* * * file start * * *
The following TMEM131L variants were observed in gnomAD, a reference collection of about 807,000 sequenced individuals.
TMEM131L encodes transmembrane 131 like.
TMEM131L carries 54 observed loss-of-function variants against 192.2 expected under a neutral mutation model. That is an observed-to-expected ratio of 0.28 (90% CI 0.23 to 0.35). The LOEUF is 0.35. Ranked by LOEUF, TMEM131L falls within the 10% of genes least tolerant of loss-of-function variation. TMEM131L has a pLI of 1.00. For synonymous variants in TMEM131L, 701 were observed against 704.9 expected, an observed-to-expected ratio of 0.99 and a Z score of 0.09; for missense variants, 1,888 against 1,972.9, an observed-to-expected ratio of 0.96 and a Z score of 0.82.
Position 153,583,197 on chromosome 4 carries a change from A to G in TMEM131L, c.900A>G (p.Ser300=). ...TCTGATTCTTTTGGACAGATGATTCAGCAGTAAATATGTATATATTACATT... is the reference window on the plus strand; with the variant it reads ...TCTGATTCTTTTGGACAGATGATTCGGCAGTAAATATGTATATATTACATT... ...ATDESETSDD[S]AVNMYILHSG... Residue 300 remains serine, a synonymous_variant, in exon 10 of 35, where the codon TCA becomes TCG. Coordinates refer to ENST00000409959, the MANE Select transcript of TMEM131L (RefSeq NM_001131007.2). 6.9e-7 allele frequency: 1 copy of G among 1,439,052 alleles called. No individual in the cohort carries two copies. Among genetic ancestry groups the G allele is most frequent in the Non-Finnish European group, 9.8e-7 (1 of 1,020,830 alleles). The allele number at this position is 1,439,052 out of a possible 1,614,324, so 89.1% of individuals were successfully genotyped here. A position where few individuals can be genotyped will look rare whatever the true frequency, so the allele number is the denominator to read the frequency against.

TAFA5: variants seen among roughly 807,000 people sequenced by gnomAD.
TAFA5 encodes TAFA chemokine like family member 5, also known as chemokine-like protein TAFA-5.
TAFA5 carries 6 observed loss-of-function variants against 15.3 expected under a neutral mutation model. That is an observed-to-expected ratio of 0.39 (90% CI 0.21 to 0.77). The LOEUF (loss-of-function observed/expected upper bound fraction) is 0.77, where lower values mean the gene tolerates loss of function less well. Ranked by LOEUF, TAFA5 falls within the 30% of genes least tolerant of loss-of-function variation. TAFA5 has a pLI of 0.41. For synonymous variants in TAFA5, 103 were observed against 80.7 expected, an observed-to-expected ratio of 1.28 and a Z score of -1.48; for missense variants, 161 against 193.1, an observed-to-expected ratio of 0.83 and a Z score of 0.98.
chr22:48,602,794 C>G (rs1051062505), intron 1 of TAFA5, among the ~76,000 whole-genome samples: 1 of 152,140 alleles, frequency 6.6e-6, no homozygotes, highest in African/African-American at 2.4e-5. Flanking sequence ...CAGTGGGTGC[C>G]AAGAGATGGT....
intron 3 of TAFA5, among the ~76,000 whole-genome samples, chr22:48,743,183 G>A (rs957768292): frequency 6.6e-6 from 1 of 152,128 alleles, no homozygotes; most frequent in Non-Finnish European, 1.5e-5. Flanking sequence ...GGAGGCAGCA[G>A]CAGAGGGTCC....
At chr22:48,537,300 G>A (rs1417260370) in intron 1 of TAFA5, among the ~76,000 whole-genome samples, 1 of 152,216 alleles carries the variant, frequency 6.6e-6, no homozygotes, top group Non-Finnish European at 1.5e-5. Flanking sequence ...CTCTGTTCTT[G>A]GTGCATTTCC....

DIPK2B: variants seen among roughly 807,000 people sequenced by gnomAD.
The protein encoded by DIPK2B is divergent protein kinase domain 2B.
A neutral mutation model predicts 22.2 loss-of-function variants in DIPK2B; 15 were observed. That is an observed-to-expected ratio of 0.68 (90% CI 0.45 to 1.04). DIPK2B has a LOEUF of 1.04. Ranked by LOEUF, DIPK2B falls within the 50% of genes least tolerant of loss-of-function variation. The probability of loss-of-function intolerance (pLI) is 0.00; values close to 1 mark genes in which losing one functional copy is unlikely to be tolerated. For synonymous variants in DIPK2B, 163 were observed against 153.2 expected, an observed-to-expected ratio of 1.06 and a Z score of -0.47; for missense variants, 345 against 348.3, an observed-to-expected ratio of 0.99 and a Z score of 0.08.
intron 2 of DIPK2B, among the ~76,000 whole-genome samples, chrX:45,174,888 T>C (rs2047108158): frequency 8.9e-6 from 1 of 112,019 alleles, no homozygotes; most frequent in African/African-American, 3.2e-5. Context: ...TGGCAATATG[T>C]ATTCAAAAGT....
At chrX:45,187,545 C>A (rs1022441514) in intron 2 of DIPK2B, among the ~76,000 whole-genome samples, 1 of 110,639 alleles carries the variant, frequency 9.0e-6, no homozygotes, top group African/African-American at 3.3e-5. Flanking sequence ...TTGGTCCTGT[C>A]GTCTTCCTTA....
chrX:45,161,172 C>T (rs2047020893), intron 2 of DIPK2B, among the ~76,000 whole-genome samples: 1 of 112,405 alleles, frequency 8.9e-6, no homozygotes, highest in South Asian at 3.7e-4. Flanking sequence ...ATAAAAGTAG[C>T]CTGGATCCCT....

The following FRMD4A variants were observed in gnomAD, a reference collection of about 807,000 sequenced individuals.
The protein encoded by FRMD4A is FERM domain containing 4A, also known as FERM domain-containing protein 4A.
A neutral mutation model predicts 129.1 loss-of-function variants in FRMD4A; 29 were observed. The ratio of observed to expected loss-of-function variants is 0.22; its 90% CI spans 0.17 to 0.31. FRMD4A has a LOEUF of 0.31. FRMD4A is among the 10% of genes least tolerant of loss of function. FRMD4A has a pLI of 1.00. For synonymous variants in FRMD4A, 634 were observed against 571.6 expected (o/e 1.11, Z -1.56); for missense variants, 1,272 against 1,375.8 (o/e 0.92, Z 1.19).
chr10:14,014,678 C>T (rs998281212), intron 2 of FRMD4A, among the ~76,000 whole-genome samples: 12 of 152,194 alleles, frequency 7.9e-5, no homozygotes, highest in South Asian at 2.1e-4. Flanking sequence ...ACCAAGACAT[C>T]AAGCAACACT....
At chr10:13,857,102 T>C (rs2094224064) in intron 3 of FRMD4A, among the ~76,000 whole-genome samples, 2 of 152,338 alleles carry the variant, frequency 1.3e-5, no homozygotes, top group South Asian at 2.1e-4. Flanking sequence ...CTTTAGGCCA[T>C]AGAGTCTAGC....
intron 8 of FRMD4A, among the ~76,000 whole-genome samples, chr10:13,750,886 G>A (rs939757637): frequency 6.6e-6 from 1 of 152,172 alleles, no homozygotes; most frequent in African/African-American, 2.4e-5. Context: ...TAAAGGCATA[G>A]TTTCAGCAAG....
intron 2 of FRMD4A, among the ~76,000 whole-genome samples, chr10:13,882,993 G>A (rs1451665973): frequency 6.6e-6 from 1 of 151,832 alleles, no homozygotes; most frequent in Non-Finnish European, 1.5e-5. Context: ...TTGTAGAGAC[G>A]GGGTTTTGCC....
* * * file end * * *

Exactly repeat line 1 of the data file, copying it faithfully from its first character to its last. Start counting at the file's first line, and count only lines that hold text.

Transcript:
The following TMEM131L variants were observed in gnomAD, a reference collection of about 807,000 sequenced individuals.